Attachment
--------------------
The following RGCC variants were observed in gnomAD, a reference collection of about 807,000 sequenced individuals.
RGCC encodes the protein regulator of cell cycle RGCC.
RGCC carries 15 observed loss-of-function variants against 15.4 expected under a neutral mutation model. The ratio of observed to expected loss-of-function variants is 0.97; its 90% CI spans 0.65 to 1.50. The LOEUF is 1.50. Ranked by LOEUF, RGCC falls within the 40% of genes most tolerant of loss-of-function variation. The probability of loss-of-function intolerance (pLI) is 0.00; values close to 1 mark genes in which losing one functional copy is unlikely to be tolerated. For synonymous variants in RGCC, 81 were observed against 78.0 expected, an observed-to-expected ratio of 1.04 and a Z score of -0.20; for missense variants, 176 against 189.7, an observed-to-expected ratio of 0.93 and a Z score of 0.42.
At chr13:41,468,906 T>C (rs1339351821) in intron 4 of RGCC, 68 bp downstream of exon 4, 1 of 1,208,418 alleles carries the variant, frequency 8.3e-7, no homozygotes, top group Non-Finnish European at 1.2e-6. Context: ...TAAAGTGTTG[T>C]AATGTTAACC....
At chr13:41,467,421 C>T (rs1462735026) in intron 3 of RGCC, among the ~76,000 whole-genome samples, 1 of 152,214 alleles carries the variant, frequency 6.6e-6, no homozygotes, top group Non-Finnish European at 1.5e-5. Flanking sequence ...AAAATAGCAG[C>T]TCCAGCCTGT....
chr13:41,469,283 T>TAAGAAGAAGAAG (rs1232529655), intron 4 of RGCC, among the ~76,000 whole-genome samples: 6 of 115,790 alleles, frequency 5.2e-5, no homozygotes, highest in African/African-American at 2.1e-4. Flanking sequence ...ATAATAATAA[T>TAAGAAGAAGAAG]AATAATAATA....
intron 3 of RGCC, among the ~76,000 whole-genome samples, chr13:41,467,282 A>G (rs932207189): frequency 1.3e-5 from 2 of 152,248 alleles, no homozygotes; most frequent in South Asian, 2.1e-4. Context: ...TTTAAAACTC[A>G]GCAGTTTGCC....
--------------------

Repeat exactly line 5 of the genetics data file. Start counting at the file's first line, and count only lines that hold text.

At chr13:41,467,421 C>T (rs1462735026) in intron 3 of RGCC, among the ~76,000 whole-genome samples, 1 of 152,214 alleles carries the variant, frequency 6.6e-6, no homozygotes, top group Non-Finnish European at 1.5e-5. Flanking sequence ...AAAATAGCAG[C>T]TCCAGCCTGT....